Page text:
ZS: Yeah, like you might do something with the subject.


Although we didn't talk much about Zak's alter-porn-ego, we did get into the more sensual aspects of their art.


ZS to SM: Your work is erotic.

WM: I would say so.

SM: Yeah, I guess that's true.

WM: It's more implied eroticism because you can't really tell if that tentacle is doing what you think it's doing.

SM: Well obviously we know it's not erotic in the way porn is erotic. It's a difference of motive, or purpose, or function maybe. Not meant to arouse.

WM: So what are strange creatures fiddling with each other meant to bring to mind outside of sex?

ZS: Yeah, what's up with that? Why do you do that?

SM: Why do I do that... I feel like for years I've been making art that doesn't have to do with people but that still has to do with living things. That's in part because I don't want to deal with the baggage that comes with people, but also because I think animals look interesting. I feel like it's a basic fundamental aesthetic issue: animals are complex visually and so give me a lot to work with on a technical and formal level. In the life of the making of an object it takes two seconds to have the idea and then you spend three or four months making decisions that have to do with the size of your pen.

ZS: You have to have an idea that's interesting enough to you that you can think about it for a couple of weeks.

WM: And for you, Zak? Girls are interesting enough for you?

ZS: Yeah, in a nutshell. I think people are really different. They're as different from one to the other in everything important as some crab monster is from a spiny urchin. People kind of look all the same but psychologically, and in terms of how they function and what they do and what they can do to you, they're insanely different and they have almost nothing in common with each other. Everything the world does is to try to pretend that we do have common interests or we do care about the same things – and we don't.

WM: And what about the octopi [in 100 Girls and 100 Octopuses]?

ZS: To be honest, they're totally meaningless. Or at least that was my goal. After a while I started thinking of all the parallels to them in other art like James Bond and tentacle porn. I've found that the octopus paintings have actually been on a lot of beastiality sites. So when I go to check the stats for my website I'm like, 'what does this link go to?... AGHH!!'

And as to the complementary side of the art world, that side that writes about art? (Gulp)


ZS: We have awesome punk reviews, and I don't just mean that they're good for us. I mean that those reviews are usually better and more insightful than the mainstream press stuff. The first two reviews of the Gravity's Rainbow piece were that it was not actually drawings from Gravity's Rainbow, despite the title being 'Drawings of What Happens on Every Single Page of Thomas Pynchon's Novel Gravity's Rainbow.' Both of the reviews in the biggest art magazines were like, 'it's actually just a bunch of scenes from his life.' What I don't like about that kind of thing in general is that we know no one reads art reviews or cares what they say and they're just there so that you can have eight pages of text under your eight pages of pictures for your eight-page feature, but do you have to rub our noses in the fact that you're writing something you don't think anyone will read? If you're going to pretend to think about it why not actually think about it? But the other part of my brain says, 'no one cares and it doesn't matter and no one reads this shit.' But maybe no one reads this shit or takes art seriously – outside of the tiny little art world – because every time a person asks, 'what does this painting mean?' someone goes, 'well you see, the hybridized identity of this Post-Confucian Chinese philosophy...' NO DUDE! If you're going to write something down don't just write pointless babble.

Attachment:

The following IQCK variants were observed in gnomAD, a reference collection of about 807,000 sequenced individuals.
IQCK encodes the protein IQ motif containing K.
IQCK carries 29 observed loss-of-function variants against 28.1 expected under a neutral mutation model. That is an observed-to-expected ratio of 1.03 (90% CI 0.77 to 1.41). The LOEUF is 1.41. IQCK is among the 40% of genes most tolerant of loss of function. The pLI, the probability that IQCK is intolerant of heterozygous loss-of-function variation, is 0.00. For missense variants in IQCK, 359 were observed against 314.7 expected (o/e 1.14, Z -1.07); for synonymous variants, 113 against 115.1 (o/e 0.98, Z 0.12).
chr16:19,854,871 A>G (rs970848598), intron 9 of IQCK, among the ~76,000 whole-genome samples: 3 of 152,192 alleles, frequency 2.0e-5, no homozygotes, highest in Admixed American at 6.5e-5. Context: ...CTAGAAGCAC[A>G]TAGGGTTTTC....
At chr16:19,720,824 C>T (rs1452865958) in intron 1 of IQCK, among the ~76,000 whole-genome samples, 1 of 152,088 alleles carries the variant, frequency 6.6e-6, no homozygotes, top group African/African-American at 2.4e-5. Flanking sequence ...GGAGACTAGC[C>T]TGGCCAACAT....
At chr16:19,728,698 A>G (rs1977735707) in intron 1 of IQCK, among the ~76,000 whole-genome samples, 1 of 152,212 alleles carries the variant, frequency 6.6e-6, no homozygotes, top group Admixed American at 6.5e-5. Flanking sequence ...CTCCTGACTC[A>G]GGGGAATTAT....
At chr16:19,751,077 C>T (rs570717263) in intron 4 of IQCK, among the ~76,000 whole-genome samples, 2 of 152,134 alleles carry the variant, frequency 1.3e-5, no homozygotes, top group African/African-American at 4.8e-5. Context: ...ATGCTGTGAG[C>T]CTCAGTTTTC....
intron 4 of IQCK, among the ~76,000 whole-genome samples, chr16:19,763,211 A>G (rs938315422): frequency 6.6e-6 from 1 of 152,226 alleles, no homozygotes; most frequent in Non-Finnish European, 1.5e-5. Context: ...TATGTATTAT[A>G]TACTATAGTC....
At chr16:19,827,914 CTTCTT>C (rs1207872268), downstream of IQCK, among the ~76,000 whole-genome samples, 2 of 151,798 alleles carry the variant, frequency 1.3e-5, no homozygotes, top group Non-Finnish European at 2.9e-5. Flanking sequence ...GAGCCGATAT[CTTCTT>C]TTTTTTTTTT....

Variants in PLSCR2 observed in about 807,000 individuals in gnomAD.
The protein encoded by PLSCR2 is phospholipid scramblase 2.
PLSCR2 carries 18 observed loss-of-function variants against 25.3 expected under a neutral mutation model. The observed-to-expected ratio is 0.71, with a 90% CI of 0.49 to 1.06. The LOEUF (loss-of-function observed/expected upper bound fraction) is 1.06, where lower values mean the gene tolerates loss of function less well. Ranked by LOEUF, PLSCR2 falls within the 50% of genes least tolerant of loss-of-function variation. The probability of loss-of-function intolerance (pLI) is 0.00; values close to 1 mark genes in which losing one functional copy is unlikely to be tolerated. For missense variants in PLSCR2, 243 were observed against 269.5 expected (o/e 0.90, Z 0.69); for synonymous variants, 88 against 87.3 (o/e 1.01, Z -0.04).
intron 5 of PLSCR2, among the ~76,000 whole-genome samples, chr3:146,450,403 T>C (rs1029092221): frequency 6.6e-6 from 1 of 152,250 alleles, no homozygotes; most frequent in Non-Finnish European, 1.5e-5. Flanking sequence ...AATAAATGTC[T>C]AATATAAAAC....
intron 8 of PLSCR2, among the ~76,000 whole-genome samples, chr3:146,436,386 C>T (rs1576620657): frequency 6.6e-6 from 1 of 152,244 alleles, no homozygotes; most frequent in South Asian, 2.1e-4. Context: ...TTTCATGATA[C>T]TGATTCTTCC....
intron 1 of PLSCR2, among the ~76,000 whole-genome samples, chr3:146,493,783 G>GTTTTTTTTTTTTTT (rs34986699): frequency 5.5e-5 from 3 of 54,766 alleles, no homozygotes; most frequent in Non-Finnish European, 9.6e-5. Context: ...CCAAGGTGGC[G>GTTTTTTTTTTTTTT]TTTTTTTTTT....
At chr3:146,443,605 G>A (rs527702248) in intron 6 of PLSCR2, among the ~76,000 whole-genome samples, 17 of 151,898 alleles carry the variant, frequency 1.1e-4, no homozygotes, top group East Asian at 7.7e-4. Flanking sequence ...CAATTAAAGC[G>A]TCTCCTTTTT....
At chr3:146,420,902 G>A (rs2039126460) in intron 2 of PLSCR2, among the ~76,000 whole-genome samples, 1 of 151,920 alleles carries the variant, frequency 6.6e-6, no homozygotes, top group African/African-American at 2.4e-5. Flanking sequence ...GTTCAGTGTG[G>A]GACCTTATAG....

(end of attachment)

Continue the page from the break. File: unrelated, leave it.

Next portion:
WM: I feel like people take it too seriously. They feel they have to use the most complicated phraseology just to review something.

ZS: But that's not taking it seriously. They don't talk about it like it's important and they want people to understand. They talk about it like they want you to be aware that they're talking. I think that's actually the opposite of taking it seriously.

WM: Historically I think the idea was to keep art above the masses.

ZS: But it's also keeping it above each other because they're not actually writing things that make sense. I want to be really clear about this: I'm not being anti-intellectual and I'm not opposed to words that are long. What I am saying is that I actually know what those words mean and those people are writing things that do not make sense to each other. Like, why do they say 'intentionality'? Don't you just want to stab someone every time you see that? They just wrote it so they wouldn't have to write 'intentions'. We haven't progressed to the point where art magazines say to an artist, 'O.K. We're writing a twelve-page feature on you. Give us twelve pages worth of images and we'll just say what your name is.' That would be an utopia. No. They get some jackass to write twelve pages of text just to fill space. And that is the format that now says: this is serious art. If anyone understood how completely simple and pointless that twelve page article was they'd realize that Andy Warhol sucks and so does that writer for liking him.


Intrigued? Want to see more? Sean McCarthy is having a show at Fredericks & Freiser in spring 2008, and Zak Smith can next be seen at Fred Gallery in London.



whitehot gallery images, click a thumbnail.

Julia Knight

Born and raised in Washington, DC, Julia Knight now aimlessly wanders
the streets of New York City looking for the perfect white fish salad
(which may or may not reside at Madison Avenue's E.A.T.).
 A recent graduate of Bates College in Lewiston, ME, Julia uses
her Art History degree to compile interviews in her spare time.